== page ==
People can expect quality crisis management if an earthquake jolts the state.
In two years, five persons from each panchayat across the state will be trained to act in case of an earthquake and all primary health centres would be retrofitted to make it quake resistant, the disaster management department has announced.
Seismic retrofitting is the process of modification of structures to make them extra resistant to seismic activity, ground motion, or soil failure because of earthquakes.
Senior officials of the department said Rs 48 crore has been sanctioned for the same and the work would begin after the monsoon is over and there is no danger of any flood.
“Earlier, the urban development department had announced that the maps of the new buildings to be constructed in Patna would not be passed if they are not earthquake resistant. The department also has plans to construct buildings in a way that they are not scattered but planned properly. The department has also decided to train all civil engineers and 15,000 masons regarding the construction of quake-resistant buildings. In addition, the department will ensure that five people from each panchayat are trained on the standard operating procedures for earthquakes. The work in this regard will start after monsoon. The plan will take at least two years to be completed,” said Vyasji, the principal secretary of the disaster management department.
Various parts of the state fall under quake-prone zones. The districts, which fall under the very high-risk zone, include Sitamarhi, Madhubani, Supaul, Araria, Madhepura, Darbhanga and Saharsa.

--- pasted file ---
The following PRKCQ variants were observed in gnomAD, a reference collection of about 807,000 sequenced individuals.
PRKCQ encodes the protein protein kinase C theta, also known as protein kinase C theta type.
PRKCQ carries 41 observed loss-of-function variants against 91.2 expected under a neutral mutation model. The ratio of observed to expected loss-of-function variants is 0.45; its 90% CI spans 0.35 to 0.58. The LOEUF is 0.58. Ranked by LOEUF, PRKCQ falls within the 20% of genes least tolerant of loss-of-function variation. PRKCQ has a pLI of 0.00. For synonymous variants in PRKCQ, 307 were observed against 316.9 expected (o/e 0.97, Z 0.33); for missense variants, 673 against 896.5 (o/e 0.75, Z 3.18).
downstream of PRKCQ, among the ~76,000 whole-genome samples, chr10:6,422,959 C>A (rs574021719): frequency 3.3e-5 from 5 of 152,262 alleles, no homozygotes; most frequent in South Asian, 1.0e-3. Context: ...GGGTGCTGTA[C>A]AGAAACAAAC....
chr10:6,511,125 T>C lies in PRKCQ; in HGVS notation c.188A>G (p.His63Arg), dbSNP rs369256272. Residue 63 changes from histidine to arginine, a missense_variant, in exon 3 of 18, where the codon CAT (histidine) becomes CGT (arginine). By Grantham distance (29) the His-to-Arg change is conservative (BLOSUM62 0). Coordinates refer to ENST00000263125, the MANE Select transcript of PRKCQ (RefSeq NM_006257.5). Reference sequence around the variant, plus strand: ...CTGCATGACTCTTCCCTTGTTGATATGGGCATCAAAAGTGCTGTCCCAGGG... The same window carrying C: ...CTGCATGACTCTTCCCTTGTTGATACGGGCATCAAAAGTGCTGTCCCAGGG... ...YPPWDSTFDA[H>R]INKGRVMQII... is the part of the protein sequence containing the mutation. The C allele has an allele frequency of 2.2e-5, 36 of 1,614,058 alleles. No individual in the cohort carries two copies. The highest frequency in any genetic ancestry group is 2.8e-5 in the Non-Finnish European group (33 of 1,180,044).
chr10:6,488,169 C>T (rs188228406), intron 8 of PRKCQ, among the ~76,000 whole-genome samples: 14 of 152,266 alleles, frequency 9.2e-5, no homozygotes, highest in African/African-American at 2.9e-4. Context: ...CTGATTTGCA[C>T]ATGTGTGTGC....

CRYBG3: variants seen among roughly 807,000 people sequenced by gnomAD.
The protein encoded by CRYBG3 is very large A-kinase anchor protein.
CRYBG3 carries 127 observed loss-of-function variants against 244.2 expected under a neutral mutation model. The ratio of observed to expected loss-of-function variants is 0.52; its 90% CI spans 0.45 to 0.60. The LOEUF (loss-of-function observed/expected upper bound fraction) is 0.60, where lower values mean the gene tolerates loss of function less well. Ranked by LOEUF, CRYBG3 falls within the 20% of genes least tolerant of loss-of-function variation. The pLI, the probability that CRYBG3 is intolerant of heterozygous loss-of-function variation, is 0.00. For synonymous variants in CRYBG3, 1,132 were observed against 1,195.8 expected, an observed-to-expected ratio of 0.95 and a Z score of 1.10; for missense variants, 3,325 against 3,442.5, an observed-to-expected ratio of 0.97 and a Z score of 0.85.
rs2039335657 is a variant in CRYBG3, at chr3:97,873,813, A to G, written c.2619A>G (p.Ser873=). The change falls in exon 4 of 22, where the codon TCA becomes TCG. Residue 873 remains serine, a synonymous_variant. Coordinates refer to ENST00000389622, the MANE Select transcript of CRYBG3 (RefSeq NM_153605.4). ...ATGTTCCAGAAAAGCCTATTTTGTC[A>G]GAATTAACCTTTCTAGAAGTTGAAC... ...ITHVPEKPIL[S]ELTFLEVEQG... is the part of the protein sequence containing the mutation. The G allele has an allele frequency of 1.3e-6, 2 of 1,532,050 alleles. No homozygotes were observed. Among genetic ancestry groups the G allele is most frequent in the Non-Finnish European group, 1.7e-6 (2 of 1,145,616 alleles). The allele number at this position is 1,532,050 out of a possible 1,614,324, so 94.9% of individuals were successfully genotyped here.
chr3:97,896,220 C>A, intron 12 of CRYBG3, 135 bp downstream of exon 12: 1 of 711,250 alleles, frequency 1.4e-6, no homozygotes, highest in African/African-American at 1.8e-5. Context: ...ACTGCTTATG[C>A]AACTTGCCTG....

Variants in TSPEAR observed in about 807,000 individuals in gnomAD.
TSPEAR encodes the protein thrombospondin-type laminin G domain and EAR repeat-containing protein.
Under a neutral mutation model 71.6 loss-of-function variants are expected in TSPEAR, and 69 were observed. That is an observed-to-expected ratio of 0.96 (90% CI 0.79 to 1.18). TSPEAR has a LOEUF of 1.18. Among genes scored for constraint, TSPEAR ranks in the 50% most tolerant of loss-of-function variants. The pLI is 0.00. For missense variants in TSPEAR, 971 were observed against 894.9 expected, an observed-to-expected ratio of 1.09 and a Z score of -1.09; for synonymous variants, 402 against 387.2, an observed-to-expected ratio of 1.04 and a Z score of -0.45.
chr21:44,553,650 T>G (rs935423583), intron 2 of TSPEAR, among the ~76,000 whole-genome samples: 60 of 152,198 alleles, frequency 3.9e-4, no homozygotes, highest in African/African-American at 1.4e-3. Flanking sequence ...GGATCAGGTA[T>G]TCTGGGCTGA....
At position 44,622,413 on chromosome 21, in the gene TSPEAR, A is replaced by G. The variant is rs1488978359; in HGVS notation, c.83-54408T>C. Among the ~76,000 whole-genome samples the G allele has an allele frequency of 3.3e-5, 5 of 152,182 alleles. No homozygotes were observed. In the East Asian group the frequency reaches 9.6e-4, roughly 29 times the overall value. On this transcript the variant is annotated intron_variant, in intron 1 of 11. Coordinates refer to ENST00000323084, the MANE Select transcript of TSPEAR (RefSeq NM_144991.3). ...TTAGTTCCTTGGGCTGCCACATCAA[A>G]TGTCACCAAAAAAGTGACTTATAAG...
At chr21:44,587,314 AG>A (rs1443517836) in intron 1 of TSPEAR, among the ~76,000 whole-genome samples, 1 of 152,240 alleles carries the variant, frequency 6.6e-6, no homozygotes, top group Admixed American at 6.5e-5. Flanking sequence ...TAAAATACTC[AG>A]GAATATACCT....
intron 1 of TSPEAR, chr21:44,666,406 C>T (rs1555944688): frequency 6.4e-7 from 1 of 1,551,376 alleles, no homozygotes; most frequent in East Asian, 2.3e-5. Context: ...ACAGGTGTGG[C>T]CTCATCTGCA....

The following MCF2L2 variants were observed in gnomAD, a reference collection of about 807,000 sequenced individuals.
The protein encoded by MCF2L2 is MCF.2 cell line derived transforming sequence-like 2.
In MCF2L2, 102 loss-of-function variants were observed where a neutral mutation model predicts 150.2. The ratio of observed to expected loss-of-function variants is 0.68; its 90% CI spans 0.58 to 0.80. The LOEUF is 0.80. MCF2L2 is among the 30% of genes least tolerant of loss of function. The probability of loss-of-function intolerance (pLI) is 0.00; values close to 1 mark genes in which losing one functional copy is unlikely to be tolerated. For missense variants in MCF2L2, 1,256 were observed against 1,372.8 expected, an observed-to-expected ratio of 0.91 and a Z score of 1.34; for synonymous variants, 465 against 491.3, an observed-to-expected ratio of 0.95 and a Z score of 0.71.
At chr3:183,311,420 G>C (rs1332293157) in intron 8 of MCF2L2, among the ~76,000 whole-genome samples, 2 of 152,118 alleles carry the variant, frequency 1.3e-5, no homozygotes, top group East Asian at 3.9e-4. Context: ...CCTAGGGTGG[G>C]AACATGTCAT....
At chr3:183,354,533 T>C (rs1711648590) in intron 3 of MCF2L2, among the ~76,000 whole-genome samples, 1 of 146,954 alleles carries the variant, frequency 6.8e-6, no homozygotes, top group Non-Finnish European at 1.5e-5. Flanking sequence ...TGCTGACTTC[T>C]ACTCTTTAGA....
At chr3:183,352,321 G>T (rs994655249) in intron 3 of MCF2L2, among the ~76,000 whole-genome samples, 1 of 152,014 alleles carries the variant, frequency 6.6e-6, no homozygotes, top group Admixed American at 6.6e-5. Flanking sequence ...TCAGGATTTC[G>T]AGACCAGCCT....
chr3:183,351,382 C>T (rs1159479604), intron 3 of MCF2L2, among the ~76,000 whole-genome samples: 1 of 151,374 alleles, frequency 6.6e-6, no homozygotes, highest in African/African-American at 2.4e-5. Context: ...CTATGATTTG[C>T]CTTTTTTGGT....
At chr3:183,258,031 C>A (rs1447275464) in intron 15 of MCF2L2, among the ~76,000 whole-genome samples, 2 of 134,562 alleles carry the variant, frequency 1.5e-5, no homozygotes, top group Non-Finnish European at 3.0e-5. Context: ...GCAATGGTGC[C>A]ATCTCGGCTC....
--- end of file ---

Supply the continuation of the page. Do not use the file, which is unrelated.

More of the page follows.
In addition, districts, which fall under the high-risk zone of earthquake, include West Champaran, East Champaran, Gopalganj, Siwan, Saran, Patna, Nalanda, Sheikhpura, Nawada, Jamui, Banka, Bhagalpur, Katihar, Purnia, Muzaffarpur, Vaishali, Samastipur, Begusarai, Khagaria, Lahisarai, Munger, Kishanganj and Sheohar.
Buxar, Kaimur, Rohtas, Bhojpur, Jehanabad, Aurangabad, Gaya, Nawada and Arwal fall under the moderate risk zone of earthquake.
Patna lies in seismic zone IV, which is a high-risk zone.
Sources said constructing an earthquake-resistant building in seismic zone V costs five to six per cent more than traditional construction cost, four to five per cent more in zone IV and three to four per cent more is incurred in constructing such houses in zone III.
“The department has sanctioned Rs 48 crore for timely completion of this project. According to the plan, the primary health centres will also have a part of the building, which is retrofitted. The department is presently planning the same,” the principal secretary said.
At present, there are around 500 PHCs in the state.
“After the severe earthquake in Japan in 2011, followed by the tsunami, the Bihar chief secretary had convened a high-level meeting regarding the use of earthquake resistant technology. The tremors of the September 2011 quake in Sikkim were felt in the state too. A standard operating procedure for earthquakes is in the final leg of preparation. Bihar Institute of Public Administration and Rural Development would train the masons and engineers. Things are being worked out and the state will be completely ready to face any possible earthquakes very soon,” Vyasji said.